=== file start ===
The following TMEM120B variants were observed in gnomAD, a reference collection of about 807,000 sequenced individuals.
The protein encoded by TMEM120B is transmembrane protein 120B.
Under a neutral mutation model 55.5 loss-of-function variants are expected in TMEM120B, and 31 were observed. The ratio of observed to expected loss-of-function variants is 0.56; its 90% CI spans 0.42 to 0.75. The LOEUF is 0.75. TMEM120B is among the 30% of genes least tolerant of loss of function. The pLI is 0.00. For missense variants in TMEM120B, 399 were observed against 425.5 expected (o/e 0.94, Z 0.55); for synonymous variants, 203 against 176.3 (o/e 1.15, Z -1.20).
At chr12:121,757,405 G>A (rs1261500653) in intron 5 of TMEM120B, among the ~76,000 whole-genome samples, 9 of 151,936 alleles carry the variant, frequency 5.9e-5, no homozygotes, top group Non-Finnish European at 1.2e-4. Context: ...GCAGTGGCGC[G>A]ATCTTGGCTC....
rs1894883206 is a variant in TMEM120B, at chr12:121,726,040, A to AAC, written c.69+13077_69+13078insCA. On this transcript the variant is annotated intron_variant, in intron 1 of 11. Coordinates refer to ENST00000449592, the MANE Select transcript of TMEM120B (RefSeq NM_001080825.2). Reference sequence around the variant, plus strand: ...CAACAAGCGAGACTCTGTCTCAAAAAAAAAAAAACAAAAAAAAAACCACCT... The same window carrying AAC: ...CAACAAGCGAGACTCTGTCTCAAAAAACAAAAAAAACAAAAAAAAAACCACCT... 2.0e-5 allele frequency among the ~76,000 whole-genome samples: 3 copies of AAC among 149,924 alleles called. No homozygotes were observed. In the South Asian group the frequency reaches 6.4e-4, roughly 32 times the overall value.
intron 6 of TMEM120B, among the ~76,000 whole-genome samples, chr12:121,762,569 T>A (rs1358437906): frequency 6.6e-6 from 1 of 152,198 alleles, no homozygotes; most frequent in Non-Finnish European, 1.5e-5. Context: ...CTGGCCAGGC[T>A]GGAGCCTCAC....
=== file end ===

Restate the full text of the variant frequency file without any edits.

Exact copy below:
The following TMEM120B variants were observed in gnomAD, a reference collection of about 807,000 sequenced individuals.
The protein encoded by TMEM120B is transmembrane protein 120B.
Under a neutral mutation model 55.5 loss-of-function variants are expected in TMEM120B, and 31 were observed. The ratio of observed to expected loss-of-function variants is 0.56; its 90% CI spans 0.42 to 0.75. The LOEUF is 0.75. TMEM120B is among the 30% of genes least tolerant of loss of function. The pLI is 0.00. For missense variants in TMEM120B, 399 were observed against 425.5 expected (o/e 0.94, Z 0.55); for synonymous variants, 203 against 176.3 (o/e 1.15, Z -1.20).
At chr12:121,757,405 G>A (rs1261500653) in intron 5 of TMEM120B, among the ~76,000 whole-genome samples, 9 of 151,936 alleles carry the variant, frequency 5.9e-5, no homozygotes, top group Non-Finnish European at 1.2e-4. Context: ...GCAGTGGCGC[G>A]ATCTTGGCTC....
rs1894883206 is a variant in TMEM120B, at chr12:121,726,040, A to AAC, written c.69+13077_69+13078insCA. On this transcript the variant is annotated intron_variant, in intron 1 of 11. Coordinates refer to ENST00000449592, the MANE Select transcript of TMEM120B (RefSeq NM_001080825.2). Reference sequence around the variant, plus strand: ...CAACAAGCGAGACTCTGTCTCAAAAAAAAAAAAACAAAAAAAAAACCACCT... The same window carrying AAC: ...CAACAAGCGAGACTCTGTCTCAAAAAACAAAAAAAACAAAAAAAAAACCACCT... 2.0e-5 allele frequency among the ~76,000 whole-genome samples: 3 copies of AAC among 149,924 alleles called. No homozygotes were observed. In the South Asian group the frequency reaches 6.4e-4, roughly 32 times the overall value.
intron 6 of TMEM120B, among the ~76,000 whole-genome samples, chr12:121,762,569 T>A (rs1358437906): frequency 6.6e-6 from 1 of 152,198 alleles, no homozygotes; most frequent in Non-Finnish European, 1.5e-5. Context: ...CTGGCCAGGC[T>A]GGAGCCTCAC....